Kibbear House | Trull, Somerset

Bespoke Residential

These contemporary private dwellings replace the original Kibbear House and bungalow that were demolished in 2016 and are located in a secluded setting just outside of Trull, south of Taunton, Somerset. The properties enjoy an elevated position with extensive views reaching across to the Blackdown and Quantock Hills.

The statement four-bedroom Kibbear House features cantilevered glass balconies and an impressive belvedere that provides panoramic views of the stunning surrounding countryside as well as incorporating spacious interiors that have delivered a contemporary family living space.

During the design process maximising the site’s exceptional position in the Somerset countryside was a crucial factor, and both Reed Holland and the client are thrilled with the resulting views offered by these new properties. The open-plan kitchen / sitting / dining room, featuring a series of wide door openings and large windows, connects the interior with the mature landscaping and creative planting that further enhances the setting. An eye-catching magnolia tree located at the entrance to Kibbear House retains a historic key feature that was a fundamental part of the overall objective.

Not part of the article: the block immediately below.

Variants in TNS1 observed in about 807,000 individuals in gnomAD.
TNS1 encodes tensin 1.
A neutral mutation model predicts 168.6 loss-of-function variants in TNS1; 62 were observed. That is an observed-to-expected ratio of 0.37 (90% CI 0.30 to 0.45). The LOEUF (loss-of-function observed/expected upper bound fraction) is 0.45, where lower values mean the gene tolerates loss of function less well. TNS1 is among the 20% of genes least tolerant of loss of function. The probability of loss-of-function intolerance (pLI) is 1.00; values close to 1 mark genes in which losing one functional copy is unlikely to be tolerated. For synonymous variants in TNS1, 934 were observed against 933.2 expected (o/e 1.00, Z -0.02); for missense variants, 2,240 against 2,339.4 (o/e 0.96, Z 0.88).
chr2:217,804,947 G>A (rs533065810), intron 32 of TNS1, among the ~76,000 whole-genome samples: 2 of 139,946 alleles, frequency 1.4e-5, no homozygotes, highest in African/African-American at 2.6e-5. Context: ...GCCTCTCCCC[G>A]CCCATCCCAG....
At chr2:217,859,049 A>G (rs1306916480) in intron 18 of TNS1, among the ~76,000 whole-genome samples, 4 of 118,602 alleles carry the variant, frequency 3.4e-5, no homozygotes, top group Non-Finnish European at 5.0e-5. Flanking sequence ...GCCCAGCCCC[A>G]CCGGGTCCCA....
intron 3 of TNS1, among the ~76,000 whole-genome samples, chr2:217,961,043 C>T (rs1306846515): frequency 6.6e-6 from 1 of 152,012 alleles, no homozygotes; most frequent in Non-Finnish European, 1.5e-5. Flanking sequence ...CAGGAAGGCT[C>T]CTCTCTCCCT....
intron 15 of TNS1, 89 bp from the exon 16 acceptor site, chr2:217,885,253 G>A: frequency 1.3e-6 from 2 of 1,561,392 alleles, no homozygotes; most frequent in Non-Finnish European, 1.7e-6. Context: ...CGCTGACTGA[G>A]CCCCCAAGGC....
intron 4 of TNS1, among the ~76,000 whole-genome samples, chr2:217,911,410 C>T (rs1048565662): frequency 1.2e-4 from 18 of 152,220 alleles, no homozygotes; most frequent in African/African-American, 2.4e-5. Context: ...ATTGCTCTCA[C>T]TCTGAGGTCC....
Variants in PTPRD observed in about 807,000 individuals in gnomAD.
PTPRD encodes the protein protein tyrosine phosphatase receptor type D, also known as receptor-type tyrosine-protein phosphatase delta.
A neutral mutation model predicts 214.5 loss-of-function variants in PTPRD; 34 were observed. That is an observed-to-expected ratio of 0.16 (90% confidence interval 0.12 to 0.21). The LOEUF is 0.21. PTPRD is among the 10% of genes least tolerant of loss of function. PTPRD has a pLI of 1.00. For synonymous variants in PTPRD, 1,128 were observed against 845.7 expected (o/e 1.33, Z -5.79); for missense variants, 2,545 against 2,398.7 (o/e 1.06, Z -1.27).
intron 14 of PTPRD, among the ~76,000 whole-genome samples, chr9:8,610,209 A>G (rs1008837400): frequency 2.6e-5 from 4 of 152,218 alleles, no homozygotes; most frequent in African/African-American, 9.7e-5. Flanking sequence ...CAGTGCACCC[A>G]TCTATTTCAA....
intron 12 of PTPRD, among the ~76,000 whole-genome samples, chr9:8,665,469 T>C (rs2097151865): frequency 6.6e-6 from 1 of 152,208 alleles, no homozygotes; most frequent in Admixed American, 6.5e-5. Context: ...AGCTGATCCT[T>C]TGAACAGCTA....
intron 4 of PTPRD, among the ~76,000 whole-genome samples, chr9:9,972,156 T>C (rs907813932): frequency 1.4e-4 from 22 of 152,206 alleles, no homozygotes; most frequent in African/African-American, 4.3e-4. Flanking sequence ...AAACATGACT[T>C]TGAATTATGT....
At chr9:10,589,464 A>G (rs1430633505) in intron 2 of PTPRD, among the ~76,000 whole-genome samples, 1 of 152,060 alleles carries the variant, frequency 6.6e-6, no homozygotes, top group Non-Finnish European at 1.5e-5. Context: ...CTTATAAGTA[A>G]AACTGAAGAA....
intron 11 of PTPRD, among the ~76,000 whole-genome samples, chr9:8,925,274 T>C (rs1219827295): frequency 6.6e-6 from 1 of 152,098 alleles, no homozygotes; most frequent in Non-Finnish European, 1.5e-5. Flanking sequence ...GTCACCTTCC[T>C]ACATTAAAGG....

The client had a clear vision of creating a modern interpretation of a traditional country house, and this has been achieved by using traditional rural forms and embellishing these with modern architectural features and materials. A combination of Purbeck stone and conventional detailing reinforce a vernacular identity, while the extruded style of the chimneys and belvedere, slate pitched roofs and feature balconies reveal more modern interventions. The design phase was informed by historical examples of country homes, and this led to the concept of a double-gabled frontage with a large central entrance hall from which all ground-floor rooms could be accessed. The ‘wow’ factor has been further substantiated by the addition of an elegant oak and glass curved staircase enhancing the main entrance space.

The neighbouring split-level bungalow has been designed to take advantage of the sloping topography of the site and also benefits from the striking southerly views, courtesy of a generous open-plan living space. The design evolved around the concept of dividing the dwelling into defined zones, which interconnect by way of a spatial hierarchy. This property is distinct from the main house, with its own access and curtilage as well as an integrated garage, and is due to be sold on the open market.

As always, Reed Holland were keen to work with the client on introducing sustainable materials and technologies into the development, examples of these were rain water harvesting, ground source heat pumps, PV panels and the use of thermal massing, all of which were integrated into the finished scheme.